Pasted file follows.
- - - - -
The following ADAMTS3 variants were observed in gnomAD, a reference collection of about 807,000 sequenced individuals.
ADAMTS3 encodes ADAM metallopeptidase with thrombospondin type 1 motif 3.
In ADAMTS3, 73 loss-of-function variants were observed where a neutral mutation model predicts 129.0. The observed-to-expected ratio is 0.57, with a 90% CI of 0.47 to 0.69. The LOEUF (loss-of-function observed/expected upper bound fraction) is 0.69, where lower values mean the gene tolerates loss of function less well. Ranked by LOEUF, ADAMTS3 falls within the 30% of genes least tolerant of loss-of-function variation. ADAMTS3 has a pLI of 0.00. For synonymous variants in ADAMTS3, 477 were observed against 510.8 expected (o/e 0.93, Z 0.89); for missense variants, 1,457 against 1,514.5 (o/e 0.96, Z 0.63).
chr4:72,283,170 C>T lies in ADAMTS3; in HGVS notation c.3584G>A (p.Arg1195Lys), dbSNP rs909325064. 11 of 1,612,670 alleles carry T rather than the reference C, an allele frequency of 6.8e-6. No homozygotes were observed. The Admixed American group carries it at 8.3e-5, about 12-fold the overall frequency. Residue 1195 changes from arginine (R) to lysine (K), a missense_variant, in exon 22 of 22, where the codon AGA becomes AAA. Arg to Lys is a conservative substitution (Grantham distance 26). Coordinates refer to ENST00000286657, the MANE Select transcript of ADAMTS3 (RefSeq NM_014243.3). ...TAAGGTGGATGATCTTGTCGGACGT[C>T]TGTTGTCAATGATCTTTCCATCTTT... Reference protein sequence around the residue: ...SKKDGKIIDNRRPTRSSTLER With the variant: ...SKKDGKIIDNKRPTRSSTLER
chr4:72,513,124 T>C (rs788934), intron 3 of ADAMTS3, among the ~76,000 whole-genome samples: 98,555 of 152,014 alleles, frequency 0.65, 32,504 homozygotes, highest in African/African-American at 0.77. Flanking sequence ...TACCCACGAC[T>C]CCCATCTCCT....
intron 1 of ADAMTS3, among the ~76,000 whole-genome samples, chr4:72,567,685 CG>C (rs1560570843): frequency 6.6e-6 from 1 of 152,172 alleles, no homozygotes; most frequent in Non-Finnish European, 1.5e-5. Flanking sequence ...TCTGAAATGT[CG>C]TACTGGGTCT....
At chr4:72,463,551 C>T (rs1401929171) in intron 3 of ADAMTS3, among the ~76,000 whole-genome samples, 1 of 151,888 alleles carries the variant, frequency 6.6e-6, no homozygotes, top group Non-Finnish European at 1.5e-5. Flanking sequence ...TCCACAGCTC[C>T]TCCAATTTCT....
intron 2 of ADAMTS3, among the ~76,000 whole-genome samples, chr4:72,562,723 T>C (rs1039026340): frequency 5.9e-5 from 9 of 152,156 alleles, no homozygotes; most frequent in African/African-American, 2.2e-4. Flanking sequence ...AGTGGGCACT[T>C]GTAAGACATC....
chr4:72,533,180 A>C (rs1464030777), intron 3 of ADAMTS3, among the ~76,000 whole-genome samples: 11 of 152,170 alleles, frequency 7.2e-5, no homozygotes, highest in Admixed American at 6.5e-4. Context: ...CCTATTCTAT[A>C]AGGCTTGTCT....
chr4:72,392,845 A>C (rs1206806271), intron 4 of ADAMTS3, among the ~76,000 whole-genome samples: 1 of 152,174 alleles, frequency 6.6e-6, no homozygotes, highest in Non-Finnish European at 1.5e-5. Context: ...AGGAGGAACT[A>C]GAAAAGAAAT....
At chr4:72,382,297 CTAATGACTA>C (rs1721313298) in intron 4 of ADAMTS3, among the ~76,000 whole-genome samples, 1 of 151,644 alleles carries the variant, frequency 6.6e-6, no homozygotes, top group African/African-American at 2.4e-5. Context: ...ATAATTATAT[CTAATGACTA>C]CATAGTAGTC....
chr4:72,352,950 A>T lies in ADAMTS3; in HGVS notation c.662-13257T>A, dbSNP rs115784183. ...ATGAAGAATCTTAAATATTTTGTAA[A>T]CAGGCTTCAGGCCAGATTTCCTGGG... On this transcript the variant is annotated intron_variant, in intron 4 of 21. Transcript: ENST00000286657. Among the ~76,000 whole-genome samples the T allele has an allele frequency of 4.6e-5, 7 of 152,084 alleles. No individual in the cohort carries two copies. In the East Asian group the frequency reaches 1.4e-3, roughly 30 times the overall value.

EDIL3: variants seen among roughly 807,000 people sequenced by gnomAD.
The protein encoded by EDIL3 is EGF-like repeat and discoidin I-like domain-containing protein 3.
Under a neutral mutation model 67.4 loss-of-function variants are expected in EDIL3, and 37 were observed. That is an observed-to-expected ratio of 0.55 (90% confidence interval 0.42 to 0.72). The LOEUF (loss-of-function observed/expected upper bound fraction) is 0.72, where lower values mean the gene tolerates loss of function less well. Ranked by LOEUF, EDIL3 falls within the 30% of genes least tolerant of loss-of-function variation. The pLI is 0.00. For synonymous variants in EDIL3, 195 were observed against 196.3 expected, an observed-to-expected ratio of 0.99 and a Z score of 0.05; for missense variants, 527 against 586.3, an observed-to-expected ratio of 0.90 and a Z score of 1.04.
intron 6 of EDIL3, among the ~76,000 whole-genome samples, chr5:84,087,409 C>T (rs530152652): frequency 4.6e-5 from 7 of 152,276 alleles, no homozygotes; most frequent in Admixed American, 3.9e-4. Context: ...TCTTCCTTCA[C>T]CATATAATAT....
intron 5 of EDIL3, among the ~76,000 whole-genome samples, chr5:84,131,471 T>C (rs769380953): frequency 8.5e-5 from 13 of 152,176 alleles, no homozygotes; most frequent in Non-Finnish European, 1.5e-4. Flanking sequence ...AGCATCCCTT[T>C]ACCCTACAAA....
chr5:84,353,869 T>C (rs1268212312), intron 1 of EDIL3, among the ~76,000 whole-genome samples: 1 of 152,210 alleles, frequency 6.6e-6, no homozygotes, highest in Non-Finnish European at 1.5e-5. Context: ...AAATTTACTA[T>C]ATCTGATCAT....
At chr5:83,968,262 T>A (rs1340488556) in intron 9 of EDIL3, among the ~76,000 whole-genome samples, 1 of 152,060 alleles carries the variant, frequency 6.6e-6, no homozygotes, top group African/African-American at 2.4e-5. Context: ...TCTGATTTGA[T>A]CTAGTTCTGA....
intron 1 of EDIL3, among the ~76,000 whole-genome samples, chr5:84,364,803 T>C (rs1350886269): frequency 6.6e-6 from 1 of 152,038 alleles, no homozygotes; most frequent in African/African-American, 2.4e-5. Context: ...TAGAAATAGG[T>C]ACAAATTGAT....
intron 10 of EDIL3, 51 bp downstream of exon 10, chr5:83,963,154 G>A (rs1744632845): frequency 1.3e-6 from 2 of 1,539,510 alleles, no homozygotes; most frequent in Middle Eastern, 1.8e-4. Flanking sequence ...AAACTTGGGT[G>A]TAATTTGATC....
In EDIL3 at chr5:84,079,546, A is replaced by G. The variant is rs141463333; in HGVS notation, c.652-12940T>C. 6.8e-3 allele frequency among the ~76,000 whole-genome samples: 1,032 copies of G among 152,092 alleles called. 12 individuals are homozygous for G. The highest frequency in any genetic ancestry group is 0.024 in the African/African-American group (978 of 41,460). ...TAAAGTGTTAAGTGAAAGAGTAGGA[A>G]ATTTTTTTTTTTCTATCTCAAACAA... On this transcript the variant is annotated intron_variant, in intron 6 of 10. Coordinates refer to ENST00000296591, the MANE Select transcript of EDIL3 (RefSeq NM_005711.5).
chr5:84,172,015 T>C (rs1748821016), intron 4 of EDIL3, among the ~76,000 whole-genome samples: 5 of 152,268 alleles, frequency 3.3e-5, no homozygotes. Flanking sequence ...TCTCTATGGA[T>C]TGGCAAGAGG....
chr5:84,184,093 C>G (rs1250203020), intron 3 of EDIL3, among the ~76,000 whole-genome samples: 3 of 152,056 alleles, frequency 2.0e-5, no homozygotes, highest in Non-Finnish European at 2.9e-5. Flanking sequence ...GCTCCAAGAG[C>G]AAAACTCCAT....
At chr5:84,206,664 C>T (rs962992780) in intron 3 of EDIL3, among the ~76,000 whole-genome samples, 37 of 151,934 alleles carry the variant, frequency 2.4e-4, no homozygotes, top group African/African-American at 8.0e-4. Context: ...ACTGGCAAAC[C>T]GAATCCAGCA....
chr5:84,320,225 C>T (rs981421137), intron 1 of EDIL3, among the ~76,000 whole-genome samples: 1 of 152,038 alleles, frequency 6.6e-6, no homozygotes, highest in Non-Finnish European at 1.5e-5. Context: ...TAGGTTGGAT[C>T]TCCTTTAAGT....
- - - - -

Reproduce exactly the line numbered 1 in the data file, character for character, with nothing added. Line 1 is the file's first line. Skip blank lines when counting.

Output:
The following ADAMTS3 variants were observed in gnomAD, a reference collection of about 807,000 sequenced individuals.